Plant Physiological Ecology (häftad)
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Häftad (Paperback / softback)
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Softcover reprint of the original 1st ed. 1989
Pearcy, Robert W. (ed.), Ehleringer, James R. (ed.), Mooney, Harold A. (ed.), Rundel, Philip W. (ed.)
XX, 458 p.
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1 Paperback / softback
Plant Physiological Ecology (häftad)

Plant Physiological Ecology

Field methods and instrumentation

Häftad Engelska, 2011-09-26
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Physiological plant ecology is primarily concerned with the function and performance of plants in their environment. Within this broad focus, attempts are made on one hand to understand the underlying physiological, biochemical and molecular attributes of plants with respect to performance under the constraints imposed by the environment. On the other hand physiological ecology is also concerned with a more synthetic view which attempts to under stand the distribution and success of plants measured in terms of the factors that promote long-term survival and reproduction in the environment. These concerns are not mutually exclusive but rather represent a continuum of research approaches. Osmond et al. (1980) have elegantly pointed this out in a space-time scale showing that the concerns of physiological ecology range from biochemical and organelle-scale events with time constants of a second or minutes to succession and evolutionary-scale events involving communities and ecosystems and thousands, if not millions, of years. The focus of physiological ecology is typically at the single leaf or root system level extending up to the whole plant. The time scale is on the order of minutes to a year. The activities of individual physiological ecologists extend in one direction or the other, but few if any are directly concerned with the whole space-time scale. In their work, however, they must be cognizant both of the underlying mechanisms as well as the consequences to ecological and evolutionary processes.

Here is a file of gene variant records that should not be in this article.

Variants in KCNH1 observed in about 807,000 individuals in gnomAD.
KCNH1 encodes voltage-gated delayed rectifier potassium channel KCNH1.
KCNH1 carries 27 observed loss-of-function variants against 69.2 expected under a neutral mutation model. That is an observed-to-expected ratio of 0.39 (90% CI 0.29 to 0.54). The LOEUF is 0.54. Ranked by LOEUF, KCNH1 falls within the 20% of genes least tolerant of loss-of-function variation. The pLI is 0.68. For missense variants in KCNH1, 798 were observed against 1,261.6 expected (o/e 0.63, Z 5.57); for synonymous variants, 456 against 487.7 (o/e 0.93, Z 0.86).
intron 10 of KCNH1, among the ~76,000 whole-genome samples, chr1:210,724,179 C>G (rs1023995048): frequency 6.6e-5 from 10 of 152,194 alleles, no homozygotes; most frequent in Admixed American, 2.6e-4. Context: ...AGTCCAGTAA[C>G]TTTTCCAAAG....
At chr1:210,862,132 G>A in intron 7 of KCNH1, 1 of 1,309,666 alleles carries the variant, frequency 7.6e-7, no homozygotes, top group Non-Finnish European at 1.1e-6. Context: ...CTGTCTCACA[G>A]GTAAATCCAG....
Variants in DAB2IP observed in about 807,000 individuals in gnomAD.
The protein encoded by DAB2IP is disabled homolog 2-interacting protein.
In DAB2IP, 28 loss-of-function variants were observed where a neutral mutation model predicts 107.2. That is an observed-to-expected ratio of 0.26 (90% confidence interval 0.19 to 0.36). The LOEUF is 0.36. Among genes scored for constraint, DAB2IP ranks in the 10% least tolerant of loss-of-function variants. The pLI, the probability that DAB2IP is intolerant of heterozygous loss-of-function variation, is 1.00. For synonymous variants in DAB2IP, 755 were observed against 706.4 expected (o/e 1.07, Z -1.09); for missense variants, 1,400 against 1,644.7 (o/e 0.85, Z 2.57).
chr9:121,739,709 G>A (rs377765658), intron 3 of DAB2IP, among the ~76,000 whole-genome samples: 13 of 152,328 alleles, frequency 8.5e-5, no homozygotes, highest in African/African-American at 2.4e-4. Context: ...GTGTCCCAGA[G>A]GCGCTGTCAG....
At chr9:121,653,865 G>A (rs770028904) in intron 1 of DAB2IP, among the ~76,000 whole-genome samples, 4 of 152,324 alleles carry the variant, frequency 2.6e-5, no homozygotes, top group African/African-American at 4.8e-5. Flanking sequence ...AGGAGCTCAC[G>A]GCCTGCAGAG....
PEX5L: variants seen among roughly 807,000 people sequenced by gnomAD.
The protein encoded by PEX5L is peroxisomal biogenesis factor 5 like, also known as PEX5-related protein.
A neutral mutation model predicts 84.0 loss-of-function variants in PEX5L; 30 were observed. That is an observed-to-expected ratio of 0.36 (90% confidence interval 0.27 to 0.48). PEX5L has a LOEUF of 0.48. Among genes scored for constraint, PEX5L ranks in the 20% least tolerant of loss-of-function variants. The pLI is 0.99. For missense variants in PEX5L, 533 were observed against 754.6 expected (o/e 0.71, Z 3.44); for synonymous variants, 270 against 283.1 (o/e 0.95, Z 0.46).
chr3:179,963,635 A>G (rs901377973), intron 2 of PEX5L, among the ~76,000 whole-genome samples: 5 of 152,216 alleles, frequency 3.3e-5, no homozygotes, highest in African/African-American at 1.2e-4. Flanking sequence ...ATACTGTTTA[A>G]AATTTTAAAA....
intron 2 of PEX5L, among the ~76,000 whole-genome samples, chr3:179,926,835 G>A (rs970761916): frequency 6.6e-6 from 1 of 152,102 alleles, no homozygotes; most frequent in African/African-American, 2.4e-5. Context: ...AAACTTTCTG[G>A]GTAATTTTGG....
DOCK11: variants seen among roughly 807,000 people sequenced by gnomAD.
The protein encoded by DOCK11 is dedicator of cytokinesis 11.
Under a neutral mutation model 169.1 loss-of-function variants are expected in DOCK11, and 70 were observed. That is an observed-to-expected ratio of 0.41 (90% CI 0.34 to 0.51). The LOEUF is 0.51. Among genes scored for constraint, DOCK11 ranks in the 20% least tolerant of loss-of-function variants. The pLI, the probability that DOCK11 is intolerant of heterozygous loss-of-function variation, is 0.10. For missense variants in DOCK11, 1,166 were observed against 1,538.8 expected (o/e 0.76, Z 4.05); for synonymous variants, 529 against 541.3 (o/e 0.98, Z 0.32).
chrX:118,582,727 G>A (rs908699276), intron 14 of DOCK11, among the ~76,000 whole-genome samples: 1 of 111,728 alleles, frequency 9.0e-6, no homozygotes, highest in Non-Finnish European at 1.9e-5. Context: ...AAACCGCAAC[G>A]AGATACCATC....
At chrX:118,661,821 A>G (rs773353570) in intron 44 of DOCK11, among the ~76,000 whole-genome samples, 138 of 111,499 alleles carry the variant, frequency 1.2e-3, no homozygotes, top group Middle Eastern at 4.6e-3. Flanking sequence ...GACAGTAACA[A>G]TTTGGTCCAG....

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1 Principles of instrumentation for physiological ecology.- 1.1 Introduction.- 1.2 Measurement and measurement errors.- 1.3 Instrument organization.- 1.4 Instrument initiation.- 1.5 Postscript.- 2 Field data acquisition.- 2.1 Introduction.- 2.2 Analog recorders.- 2.3 Digital recorders.- 2.4 Integrators.- 2.5 Sampling considerations.- 3 Water in the environment.- 3.1 Soil moisture.- 3.2 Atmospheric moisture.- 3.3 Moisture flux.- 4 Measurement of wind speed near vegetation.- 4.1 Introduction.- 4.2 Flow in wind tunnels, growth cabinets and ducts.- 4.3 Weather stations and field survey.- 4.4 Wind profiles above vegetation.- 4.5 Boundary layer resistance.- 4.6 Calibration.- 4.7 Aerodynamic influence by masts.- 4.8 Visualization.- 4.9 Pressure measurements.- 4.10 Some applications.- 5 Soil nutrient availability.- 5.1 Introduction.- 5.2 Difficulties in measuring nutrient availability.- 5.3 Nitrogen availability.- 5.4 Phosphorus availability.- 5.5 Sulfur availability.- 5.6 Availability of essential cations.- 5.7 Micronutrient availability.- 5.8 Soil classification.- 5.9 Bioassay of nutrient availability.- 5.10 Soil acidity.- 5.11 Soil salinity.- 5.12 Soil redox potential.- 5.13 Comments on sampling.- 5.14 Index units.- 6 Radiation and light measurements.- 6.1 Introduction.- 6.2 Definitions and units.- 6.3 Energy versus photons as a measure of PAR.- 6.4 Radiation sensors: general characteristics.- 6.5 Determination of the diffuse and direct components of radiation.- 6.6 Calibration of radiation sensors.- 6.7 Sampling considerations.- 6.8 Photographic estimations of light climate.- 6.9 Spectral radiometry.- 7 Temperature and energy budgets.- 7.1 Introduction.- 7.2 Energy budget approach.- 7.3 Variations in air and leaf temperatures with height.- 7.4 Temperature and its measurement.- 7.5 Orientation and its measurement.- 7.6 Calculation of incident solar radiation on different surfaces.- 7.7 Leaf absorptance and its measurement.- 7.8 Boundary layer considerations.- 8 Measurement of transpiration and leaf conductance.- 8.1 Introduction.- 8.2 Leaf transpiration rate.- 8.3 Leaf conductance to water vapor.- 8.4 Instrumentation for transpiration measurements.- 8.5 Calibration of water vapor sensors.- 8.6 Systems for measuring transpiration and leaf conductance.- 8.7 Whole-plant measurements of transpiration.- 9 Plant water status, hydraulic resistance and capacitance.- 9.1 Introduction.- 9.2 Water potential and its components.- 9.3 Water content.- 9.4 Hydraulic resistance and capacitance.- 9.5 Conclusion.- 10 Approaches to studying nutrient uptake, use and loss in plants.- 10.1 Introduction.- 10.2 Nutrient uptake.- 10.3 Nutrient use and nutrient status.- 10.4 Chemical analysis.- 10.5 Nutrient loss.- 11 Photosynthesis: principles and field techniques.- 11.1 The system concept.- 11.2 Principles of photosynthesis measurement.- 11.3 Components of gas-exchange systems.- 11.4 Real photosynthesis systems.- 11.5 Matching instrument to objective.- 11.6 Calibrating photosynthesis systems.- 11.7 Calculating gas-exchange parameters.- 11.8 List of symbols.- 12 Crassulacean acid metabolism.- 12.1 Introduction.- 12.2 Measurement of succulence.- 12.3 Nocturnal acidification.- 12.4 Nocturnal CO2 fixation.- 12.5 Analysis of day-night and seasonal patterns of CO2 and H2O vapor exchange.- 12.6 Measurement of photosynthesis and respiration by O2 exchange.- 12.7 Water relations.- 12.8 Stress physiology.- 13 Stable isotopes.- 13.1 Introduction.- 13.2 Natural abundances of stable isotopes of ecological interest.- 13.3 Stable isotope mass spectrometry.- 13.4 Sample preparation.- 13.5 Sample variability.- 13.6 Application of stable isotopes in ecological studies.- 14 Canopy structure.- 14.1 Introduction.- 14.2 Direct methods.- 14.3 Semidirect methods.- 14.4 Indirect methods.- 14.5 Summary.- 15 Growth, carbon allocation and cost of plant tissues.- 15.1 Introduction.- 15.2 Growth analysis.- 15.3 Fate of carbon.- 15.4 Carbon and energy costs of growth and maintenance.- 1